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    I started taking my brother in law shooting. Talked to him about safety before we left. At the range he did a couple of little stupid things. But then he turned around to sit on the bench and reload his magazines, he walked to the bench holding the gun, bad enough, but he was holding it with his pinky finger, which was inside the trigger guard. I suggested we leave, and then told him how stupid the things he was doing are

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    VIP Member Array nedrgr21's Avatar
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    First, what are/are there official range rules or are those your rules
    Second, if those are the official range rules, do you have that authority? If those are your rules, it's your choice to stay and politely express your concern or leave.
    After b I would explain all the rules, including the why's of the rules. I've found when you explain it as "we have numerous redundant safety rules so that a person would have to break at least 2 or 3 before anyone was in real danger of being hurt". That line has been a good attention getter for me in the past.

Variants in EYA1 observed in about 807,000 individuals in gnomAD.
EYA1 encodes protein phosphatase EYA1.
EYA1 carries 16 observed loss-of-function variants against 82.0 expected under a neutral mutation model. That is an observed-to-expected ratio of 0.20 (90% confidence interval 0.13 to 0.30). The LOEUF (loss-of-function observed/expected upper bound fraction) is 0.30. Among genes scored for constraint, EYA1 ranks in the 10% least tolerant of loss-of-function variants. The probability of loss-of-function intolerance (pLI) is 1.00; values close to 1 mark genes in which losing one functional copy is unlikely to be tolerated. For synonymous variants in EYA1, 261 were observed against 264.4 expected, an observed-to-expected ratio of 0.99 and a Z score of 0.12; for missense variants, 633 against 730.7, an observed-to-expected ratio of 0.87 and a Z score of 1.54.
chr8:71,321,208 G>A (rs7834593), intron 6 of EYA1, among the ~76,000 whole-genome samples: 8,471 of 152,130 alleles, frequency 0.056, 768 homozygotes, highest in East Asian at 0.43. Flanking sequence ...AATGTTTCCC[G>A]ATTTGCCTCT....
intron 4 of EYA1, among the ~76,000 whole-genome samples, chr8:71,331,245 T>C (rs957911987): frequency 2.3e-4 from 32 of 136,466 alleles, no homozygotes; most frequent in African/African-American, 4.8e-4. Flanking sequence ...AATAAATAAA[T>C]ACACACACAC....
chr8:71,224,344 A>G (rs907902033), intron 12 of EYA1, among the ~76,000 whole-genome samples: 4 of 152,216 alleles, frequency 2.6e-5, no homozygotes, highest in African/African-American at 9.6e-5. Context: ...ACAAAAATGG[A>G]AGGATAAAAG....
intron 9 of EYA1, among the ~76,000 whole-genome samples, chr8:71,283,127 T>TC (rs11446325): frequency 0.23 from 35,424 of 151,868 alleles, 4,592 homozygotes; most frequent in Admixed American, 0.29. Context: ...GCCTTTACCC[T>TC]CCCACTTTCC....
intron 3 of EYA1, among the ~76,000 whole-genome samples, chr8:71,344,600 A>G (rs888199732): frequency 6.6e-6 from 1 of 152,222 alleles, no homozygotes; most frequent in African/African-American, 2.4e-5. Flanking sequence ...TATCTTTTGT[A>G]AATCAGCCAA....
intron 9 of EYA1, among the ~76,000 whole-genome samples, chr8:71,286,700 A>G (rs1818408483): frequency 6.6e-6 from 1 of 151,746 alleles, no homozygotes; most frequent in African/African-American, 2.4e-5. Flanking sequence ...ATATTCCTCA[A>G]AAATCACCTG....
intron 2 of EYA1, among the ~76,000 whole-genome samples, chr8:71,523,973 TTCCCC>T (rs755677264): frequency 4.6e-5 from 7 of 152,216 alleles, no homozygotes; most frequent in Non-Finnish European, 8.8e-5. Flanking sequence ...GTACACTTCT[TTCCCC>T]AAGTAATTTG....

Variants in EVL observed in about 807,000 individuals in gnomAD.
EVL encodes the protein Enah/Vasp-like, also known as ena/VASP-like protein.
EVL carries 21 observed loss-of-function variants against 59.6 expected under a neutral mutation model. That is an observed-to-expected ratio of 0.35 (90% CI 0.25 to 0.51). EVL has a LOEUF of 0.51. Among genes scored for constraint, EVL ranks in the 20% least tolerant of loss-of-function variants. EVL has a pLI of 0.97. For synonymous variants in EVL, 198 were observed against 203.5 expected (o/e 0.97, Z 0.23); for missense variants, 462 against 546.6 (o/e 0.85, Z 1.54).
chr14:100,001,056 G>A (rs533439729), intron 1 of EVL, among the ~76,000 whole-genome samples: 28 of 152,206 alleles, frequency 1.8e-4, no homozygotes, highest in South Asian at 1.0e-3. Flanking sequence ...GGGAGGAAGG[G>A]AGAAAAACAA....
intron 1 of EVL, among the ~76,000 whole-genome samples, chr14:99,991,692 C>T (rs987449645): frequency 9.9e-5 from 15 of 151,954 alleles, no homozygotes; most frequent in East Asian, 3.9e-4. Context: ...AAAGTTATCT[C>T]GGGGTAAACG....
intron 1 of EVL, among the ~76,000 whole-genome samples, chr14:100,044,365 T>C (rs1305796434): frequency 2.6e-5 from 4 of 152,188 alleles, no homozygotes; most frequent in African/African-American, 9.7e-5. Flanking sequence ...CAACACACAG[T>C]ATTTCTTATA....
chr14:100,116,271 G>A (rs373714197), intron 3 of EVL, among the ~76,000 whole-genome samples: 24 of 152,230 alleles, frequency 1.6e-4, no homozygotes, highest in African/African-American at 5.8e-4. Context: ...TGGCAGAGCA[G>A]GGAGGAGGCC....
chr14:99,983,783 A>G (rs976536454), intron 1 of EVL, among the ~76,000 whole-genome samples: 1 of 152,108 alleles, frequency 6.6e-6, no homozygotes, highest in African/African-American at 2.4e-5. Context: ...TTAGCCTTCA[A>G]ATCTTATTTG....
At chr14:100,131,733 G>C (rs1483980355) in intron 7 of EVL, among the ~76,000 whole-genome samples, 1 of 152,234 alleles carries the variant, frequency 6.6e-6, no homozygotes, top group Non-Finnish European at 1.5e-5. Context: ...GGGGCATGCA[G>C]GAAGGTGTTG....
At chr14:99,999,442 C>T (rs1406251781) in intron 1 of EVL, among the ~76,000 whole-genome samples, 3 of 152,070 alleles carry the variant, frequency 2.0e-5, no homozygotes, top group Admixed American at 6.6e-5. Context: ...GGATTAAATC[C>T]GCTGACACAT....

If you do have the authority, up to a point, the "line" depends on the person's attitude.
    At d, it's definitely time to have a serious chat with the person and just say, hey, your head really isn't in the game today, we'd appreciate it if you would come back another time when you're not so distracted.

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    VIP Member Array xXxplosive's Avatar